You won’t find the phrase “separation of church and state” in the United States Constitution. And it isn’t in the Declaration of Independence. In fact, it’s not in any federal document at all except for its citation in court cases in recent years.
The phrase does come from Thomas Jefferson. The context in which he wrote it and the people he wrote to shows how the phrase was used–something entirely different from the way it is popularly used today.
“The wall of separation of church and state” came from a letter written by Thomas Jefferson soon after he was inaugurated as the third president of the United States. He wrote the letter to the Danbury Baptist Association of Connecticut to allay their fears that the state church of Connecticut would curtail the religious freedom of the Baptists.
The Baptists of Connecticut were a small minority who wanted the right to worship, preach, practice, and evangelize as their religion dictated. They wrote to Jefferson to congratulate his election and to express their concerns.
Jefferson’s reply is now in the Library of Congress. He wrote to let the people of the Danbury Baptist Association know they would have their freedom because of the “wall of separation between church and state.” He made reference to the Bill of Rights which had recently been added to the constitution. Amendment one, of course, says that “Congress shall make no law respecting an establishment of religion, or prohibiting the free exercise thereof.”
Jefferson replied to the Danbury Baptists in this way: “Believing with you that religion is a matter which lies solely between Man & his God, that he owes account to none other for his faith or his worship, that the legitimate powers of government reach actions only, & not opinions, I contemplate with sovereign reverence that act of the whole American people which declared that their legislature should ‘make no law respecting an establishment of religion, or prohibiting the free exercise thereof,’ thus building a wall of separation between Church & State.”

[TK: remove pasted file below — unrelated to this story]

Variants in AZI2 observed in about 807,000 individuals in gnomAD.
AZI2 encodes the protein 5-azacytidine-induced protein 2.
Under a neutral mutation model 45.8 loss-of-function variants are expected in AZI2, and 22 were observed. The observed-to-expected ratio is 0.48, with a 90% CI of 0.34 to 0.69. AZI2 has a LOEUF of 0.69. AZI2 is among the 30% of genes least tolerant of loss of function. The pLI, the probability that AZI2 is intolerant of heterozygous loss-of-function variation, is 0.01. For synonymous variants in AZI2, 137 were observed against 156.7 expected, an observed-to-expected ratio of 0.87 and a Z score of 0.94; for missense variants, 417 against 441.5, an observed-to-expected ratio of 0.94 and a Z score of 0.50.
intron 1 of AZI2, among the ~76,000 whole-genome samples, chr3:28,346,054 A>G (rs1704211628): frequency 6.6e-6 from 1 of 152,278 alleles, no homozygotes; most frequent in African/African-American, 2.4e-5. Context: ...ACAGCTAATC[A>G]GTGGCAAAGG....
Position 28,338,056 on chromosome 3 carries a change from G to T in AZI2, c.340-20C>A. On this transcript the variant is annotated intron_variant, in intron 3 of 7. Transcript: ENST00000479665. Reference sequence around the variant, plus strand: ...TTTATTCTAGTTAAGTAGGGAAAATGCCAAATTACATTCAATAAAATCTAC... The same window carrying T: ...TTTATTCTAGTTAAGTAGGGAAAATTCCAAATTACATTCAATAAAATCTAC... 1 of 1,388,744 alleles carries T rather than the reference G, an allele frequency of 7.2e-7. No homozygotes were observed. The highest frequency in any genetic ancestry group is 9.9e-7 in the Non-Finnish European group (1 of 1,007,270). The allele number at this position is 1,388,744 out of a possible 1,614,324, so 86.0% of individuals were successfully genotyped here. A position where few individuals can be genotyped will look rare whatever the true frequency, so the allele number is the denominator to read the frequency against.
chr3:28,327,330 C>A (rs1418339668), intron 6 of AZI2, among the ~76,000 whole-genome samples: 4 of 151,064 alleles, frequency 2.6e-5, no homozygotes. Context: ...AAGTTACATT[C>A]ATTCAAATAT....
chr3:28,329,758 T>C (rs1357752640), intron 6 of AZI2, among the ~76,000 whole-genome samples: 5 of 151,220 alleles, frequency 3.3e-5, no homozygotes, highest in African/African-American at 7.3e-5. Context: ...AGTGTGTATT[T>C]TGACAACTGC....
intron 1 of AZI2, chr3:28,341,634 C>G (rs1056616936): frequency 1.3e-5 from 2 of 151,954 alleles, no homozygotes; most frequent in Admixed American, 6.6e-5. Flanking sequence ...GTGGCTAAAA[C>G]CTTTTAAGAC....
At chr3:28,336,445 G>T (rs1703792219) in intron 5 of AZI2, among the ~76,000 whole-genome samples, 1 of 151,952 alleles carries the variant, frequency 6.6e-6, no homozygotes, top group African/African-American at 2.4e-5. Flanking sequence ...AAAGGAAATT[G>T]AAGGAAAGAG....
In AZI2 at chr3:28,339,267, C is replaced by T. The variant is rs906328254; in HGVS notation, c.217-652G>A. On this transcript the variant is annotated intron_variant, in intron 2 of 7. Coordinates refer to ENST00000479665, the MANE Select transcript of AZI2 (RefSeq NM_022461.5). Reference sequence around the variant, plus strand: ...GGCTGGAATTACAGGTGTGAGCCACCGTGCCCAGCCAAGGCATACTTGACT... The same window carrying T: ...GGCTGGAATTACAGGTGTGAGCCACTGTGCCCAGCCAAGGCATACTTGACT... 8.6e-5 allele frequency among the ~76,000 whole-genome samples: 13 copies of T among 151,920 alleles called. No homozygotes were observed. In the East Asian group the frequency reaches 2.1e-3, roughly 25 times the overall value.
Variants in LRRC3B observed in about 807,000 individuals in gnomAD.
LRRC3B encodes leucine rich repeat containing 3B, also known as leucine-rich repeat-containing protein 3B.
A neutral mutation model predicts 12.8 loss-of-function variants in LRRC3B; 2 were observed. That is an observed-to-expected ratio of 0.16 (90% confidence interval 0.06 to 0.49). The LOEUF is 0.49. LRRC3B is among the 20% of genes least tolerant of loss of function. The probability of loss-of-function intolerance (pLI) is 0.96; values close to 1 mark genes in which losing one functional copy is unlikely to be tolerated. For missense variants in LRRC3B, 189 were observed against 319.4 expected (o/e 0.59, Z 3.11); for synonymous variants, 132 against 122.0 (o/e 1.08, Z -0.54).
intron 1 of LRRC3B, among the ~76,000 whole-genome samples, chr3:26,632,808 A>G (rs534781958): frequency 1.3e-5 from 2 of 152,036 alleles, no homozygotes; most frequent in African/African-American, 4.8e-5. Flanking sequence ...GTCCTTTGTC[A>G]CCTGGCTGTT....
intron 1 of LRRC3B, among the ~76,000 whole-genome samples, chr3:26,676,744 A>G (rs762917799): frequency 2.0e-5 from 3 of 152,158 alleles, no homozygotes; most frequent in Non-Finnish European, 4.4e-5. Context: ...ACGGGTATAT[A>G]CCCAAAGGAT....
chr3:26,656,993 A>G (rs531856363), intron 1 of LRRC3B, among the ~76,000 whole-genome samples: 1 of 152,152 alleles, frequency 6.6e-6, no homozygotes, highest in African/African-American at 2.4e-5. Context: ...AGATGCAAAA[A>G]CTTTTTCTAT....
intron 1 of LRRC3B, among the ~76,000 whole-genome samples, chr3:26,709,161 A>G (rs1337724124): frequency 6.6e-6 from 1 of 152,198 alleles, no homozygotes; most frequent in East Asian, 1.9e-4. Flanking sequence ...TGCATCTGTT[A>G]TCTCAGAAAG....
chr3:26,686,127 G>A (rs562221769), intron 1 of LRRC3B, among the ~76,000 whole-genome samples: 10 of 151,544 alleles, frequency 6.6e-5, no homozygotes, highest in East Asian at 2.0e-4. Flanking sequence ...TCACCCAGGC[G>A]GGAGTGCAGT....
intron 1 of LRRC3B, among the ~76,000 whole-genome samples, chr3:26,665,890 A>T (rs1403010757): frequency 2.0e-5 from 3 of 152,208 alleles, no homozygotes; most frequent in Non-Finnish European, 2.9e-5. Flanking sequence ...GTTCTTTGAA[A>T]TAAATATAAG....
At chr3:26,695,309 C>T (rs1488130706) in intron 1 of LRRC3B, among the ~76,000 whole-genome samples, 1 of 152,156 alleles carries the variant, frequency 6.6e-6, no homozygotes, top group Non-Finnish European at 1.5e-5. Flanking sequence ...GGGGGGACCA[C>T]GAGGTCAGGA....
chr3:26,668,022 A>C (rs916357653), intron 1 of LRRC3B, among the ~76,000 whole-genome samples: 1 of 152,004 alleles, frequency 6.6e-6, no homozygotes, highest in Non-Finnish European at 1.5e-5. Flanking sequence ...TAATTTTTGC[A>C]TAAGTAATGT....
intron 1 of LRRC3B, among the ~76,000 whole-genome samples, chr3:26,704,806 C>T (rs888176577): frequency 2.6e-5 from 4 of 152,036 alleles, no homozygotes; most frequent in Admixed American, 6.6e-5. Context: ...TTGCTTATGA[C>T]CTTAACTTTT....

Today, court cases and popular politicians refer to the separation of church and state as something the state needs to protect itself from the church. The amendment and Jefferson’s reference to it was given to protect the church and its free exercise of religion from the dictates of the state. This is a totally different issue entirely.
All of the amendments in the Bill of Rights were given to protect individuals and institutions from the tyranny of government. Governments set up “state churches” and make taxpayers support them. Governments restrict freedom of speech and intimidate the press. Governments make unlawful searches and trample privacy.
Jefferson and the Danbury Baptists knew we needed that wall of separation to allow for the freedom of conscience and the freedom to practice our faith according to the Word of God and the dictates of conscience. As Jefferson said: man “owes account” only to God and “the legitimate powers of government reach actions only, & not opinions.”
I thank God for that wall and for that freedom. May it always be as intended–to protect the freedom of the devoted servant of God to serve and worship as led by conscience.
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